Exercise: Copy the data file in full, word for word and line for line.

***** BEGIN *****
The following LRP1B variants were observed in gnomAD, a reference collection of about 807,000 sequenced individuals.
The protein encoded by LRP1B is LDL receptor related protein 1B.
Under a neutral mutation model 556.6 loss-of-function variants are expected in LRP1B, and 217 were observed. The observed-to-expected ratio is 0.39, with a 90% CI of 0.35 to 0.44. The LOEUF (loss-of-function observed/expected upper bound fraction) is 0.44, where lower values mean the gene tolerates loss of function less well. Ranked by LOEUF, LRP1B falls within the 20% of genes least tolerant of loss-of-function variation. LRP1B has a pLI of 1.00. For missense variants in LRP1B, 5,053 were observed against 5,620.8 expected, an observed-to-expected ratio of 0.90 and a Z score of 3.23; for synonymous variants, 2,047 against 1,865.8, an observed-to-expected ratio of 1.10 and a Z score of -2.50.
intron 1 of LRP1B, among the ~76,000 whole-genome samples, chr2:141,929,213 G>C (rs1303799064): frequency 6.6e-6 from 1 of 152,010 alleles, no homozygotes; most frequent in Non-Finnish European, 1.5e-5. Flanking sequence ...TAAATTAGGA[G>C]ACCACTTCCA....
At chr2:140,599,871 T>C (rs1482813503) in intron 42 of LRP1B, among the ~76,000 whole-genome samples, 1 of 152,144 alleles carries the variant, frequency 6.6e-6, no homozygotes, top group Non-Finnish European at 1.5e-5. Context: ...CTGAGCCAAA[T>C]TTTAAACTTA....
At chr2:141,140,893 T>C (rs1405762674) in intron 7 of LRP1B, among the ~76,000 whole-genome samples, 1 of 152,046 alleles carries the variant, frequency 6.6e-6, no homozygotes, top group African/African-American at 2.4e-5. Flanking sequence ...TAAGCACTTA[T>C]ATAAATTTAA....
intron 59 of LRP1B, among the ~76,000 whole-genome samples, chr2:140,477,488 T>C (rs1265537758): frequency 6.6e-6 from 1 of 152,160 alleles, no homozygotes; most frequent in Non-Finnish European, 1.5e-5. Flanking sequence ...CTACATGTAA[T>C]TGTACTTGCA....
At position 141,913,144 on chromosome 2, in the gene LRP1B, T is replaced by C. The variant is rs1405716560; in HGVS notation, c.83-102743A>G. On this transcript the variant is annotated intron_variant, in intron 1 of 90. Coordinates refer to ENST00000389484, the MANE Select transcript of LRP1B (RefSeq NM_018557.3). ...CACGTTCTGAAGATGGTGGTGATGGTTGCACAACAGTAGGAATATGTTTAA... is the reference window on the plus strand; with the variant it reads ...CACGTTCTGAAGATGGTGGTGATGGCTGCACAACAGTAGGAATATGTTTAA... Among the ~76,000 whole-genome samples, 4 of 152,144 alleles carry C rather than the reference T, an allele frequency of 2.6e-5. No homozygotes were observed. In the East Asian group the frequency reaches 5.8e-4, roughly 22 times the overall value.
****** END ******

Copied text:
The following LRP1B variants were observed in gnomAD, a reference collection of about 807,000 sequenced individuals.
The protein encoded by LRP1B is LDL receptor related protein 1B.
Under a neutral mutation model 556.6 loss-of-function variants are expected in LRP1B, and 217 were observed. The observed-to-expected ratio is 0.39, with a 90% CI of 0.35 to 0.44. The LOEUF (loss-of-function observed/expected upper bound fraction) is 0.44, where lower values mean the gene tolerates loss of function less well. Ranked by LOEUF, LRP1B falls within the 20% of genes least tolerant of loss-of-function variation. LRP1B has a pLI of 1.00. For missense variants in LRP1B, 5,053 were observed against 5,620.8 expected, an observed-to-expected ratio of 0.90 and a Z score of 3.23; for synonymous variants, 2,047 against 1,865.8, an observed-to-expected ratio of 1.10 and a Z score of -2.50.
intron 1 of LRP1B, among the ~76,000 whole-genome samples, chr2:141,929,213 G>C (rs1303799064): frequency 6.6e-6 from 1 of 152,010 alleles, no homozygotes; most frequent in Non-Finnish European, 1.5e-5. Flanking sequence ...TAAATTAGGA[G>C]ACCACTTCCA....
At chr2:140,599,871 T>C (rs1482813503) in intron 42 of LRP1B, among the ~76,000 whole-genome samples, 1 of 152,144 alleles carries the variant, frequency 6.6e-6, no homozygotes, top group Non-Finnish European at 1.5e-5. Context: ...CTGAGCCAAA[T>C]TTTAAACTTA....
At chr2:141,140,893 T>C (rs1405762674) in intron 7 of LRP1B, among the ~76,000 whole-genome samples, 1 of 152,046 alleles carries the variant, frequency 6.6e-6, no homozygotes, top group African/African-American at 2.4e-5. Flanking sequence ...TAAGCACTTA[T>C]ATAAATTTAA....
intron 59 of LRP1B, among the ~76,000 whole-genome samples, chr2:140,477,488 T>C (rs1265537758): frequency 6.6e-6 from 1 of 152,160 alleles, no homozygotes; most frequent in Non-Finnish European, 1.5e-5. Flanking sequence ...CTACATGTAA[T>C]TGTACTTGCA....
At position 141,913,144 on chromosome 2, in the gene LRP1B, T is replaced by C. The variant is rs1405716560; in HGVS notation, c.83-102743A>G. On this transcript the variant is annotated intron_variant, in intron 1 of 90. Coordinates refer to ENST00000389484, the MANE Select transcript of LRP1B (RefSeq NM_018557.3). ...CACGTTCTGAAGATGGTGGTGATGGTTGCACAACAGTAGGAATATGTTTAA... is the reference window on the plus strand; with the variant it reads ...CACGTTCTGAAGATGGTGGTGATGGCTGCACAACAGTAGGAATATGTTTAA... Among the ~76,000 whole-genome samples, 4 of 152,144 alleles carry C rather than the reference T, an allele frequency of 2.6e-5. No homozygotes were observed. In the East Asian group the frequency reaches 5.8e-4, roughly 22 times the overall value.